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One cell slow to wake up. Your thoughts?

Discussion in 'Rebreather Diving' started by doctormike, Nov 5, 2019.

  1. taimen

    taimen ScubaBoard Supporter ScubaBoard Supporter

    # of Dives: 200 - 499
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    I tend to run the calibration sequence on my JJ twice. I do get 1-2 mV higher calibration values with the second run. Thus a single calibration run doesn't seem to produce over 99% O2 environment long enough. It is very consistent anyway.
    All my cells have behaved identical, and waiting for replacement. At 12 months all three still calibrate to 50,51 and 50 mV. JJ-CCR cells from Oct 2018.
    I would ditch any cells waking-up during dive or showing any other erratic behaviour.
     
  2. JonG1

    JonG1 Nassau Grouper

    # of Dives: 2,500 - 4,999
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    It would be worth checking connectivity, I have had several issues that intrinsically looked like cell problems but were related to the Fischer cable, also not familiar with the JJ but altitude and ambient pressure have to be accounted for when I am checking my KISS at 1.0.
     
  3. JonG1

    JonG1 Nassau Grouper

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    Also there's a related debate on CCR Explorers FB pg for reference
     
  4. The Chairman

    The Chairman Chairman of the Board

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    Very mild corrosion and dirt can be affected by temperature. I usually plug/unplug my cells a few times to clean off any schmaltz. Obviously, this is below our ability to see it, but it can be an issue all the same.

    How long did you let the cells air out before you started calibrating? I've seen peeps break the seal and immediately start the procedure. Although some say to wait 15 minutes, I allow an hour or more before I expect to get valid results. There can be a variation even after the first dive as the cells get fully lit.
     
  5. doctormike

    doctormike ScubaBoard Supporter Staff Member ScubaBoard Supporter

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    Yeah, was following that. I wish that the CCR tools app was out for OS X or iOs...
     
    JonG1 likes this.
  6. doctormike

    doctormike ScubaBoard Supporter Staff Member ScubaBoard Supporter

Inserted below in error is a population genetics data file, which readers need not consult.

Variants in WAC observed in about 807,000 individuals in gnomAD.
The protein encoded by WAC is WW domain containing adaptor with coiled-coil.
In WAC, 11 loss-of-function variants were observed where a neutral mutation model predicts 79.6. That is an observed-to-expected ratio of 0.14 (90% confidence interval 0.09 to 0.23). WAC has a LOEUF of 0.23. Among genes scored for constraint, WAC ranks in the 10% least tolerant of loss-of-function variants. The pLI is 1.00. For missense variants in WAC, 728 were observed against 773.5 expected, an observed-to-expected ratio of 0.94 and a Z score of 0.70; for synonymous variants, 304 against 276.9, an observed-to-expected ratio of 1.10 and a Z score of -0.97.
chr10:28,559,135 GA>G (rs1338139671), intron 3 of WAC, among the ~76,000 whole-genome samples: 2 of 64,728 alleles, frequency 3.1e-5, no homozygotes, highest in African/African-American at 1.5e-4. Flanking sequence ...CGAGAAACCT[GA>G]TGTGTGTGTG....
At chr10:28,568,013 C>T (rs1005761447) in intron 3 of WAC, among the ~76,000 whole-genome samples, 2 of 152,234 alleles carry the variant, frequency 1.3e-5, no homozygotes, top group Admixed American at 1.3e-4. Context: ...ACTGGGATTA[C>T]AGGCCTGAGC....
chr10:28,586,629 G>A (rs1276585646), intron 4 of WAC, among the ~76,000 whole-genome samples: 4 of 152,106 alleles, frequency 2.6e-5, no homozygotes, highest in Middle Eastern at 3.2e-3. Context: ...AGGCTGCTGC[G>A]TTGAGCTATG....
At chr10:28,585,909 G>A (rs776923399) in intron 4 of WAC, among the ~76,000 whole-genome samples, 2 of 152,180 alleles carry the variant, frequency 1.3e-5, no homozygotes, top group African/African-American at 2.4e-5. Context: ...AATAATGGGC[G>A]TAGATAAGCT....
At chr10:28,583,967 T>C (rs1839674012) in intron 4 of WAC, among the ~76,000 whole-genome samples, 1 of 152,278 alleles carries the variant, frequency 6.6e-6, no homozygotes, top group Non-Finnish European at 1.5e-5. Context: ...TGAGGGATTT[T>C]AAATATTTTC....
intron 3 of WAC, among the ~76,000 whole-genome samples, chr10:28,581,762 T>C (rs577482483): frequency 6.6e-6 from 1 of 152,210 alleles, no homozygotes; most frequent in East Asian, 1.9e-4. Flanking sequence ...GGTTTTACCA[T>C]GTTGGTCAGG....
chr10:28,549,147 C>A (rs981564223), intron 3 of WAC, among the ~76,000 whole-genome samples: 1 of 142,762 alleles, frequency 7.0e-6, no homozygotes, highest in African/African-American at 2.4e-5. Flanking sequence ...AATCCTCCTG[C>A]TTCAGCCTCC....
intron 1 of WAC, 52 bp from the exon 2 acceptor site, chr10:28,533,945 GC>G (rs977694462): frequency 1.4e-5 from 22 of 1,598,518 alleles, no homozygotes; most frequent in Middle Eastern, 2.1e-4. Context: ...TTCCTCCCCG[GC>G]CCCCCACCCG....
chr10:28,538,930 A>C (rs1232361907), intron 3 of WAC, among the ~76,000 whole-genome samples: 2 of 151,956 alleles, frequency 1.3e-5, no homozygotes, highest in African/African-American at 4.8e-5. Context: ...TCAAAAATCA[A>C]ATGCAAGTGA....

# of Dives: 1,000 - 2,499
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    Right, and I think THAT is what "wake up" refers to. But I'm talking about something that happens every time I do a build, for a cell that has been installed for months. That's why I was wondering if it was the exposure to O2 that made it not return to it's original (low but in spec air output) and end up in line with the other two.
     
  7. The Chairman

    The Chairman Chairman of the Board

    # of Dives: I just don't log dives
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    If that's the case, even though it's within specs, I would be replacing that cell. When in doubt: toss it out.
     
  8. The Chairman

    The Chairman Chairman of the Board

    # of Dives: I just don't log dives
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    Of course, that would be after I swapped cells around. The thing I like about SF2 cells, is that the spring is on the cells. I don't have to worry about corrosion or dirt getting in places I can't see.
     
    doctormike likes this.
  9. doctormike

    doctormike ScubaBoard Supporter Staff Member ScubaBoard Supporter

    # of Dives: 1,000 - 2,499
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    Yup, that's what I'll do.

    But I was just wondering about this phenomenon of cell recovery, which seems to be happening pretty consistently. And of course, I wouldn't have even bothered to post this thread if it was actually out of spec in air, but since it is in spec, was wondering if others had seen this...
     
    cathal likes this.
  10. doctormike

    doctormike ScubaBoard Supporter Staff Member ScubaBoard Supporter

    # of Dives: 1,000 - 2,499
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    See that's the real concern I have here. Is there something with the calibration procedure itself? People have said "PO2 is PO2", but the point is that we are all relying on whatever procedure we use to put 100% O2 on the cell face. If that isn't happening with reproducible precision, then everything downstream is off as well.

    So yeah, easy answer is to just get a new cell, but I think that there is more happening here than just a bad cell. For example, the fact that PO2 in air on build is often a bit off from 0.21. That may be a controller pressure sensor thing, something related to auto vs SeaLvl? But it persists despite a recent service of the controller for a bad pressure sensor. Gonna check with Shearwater and will report back. Maybe the auto calibrate sequence needs a firmware update to give a better flush? Not all units use that...
     

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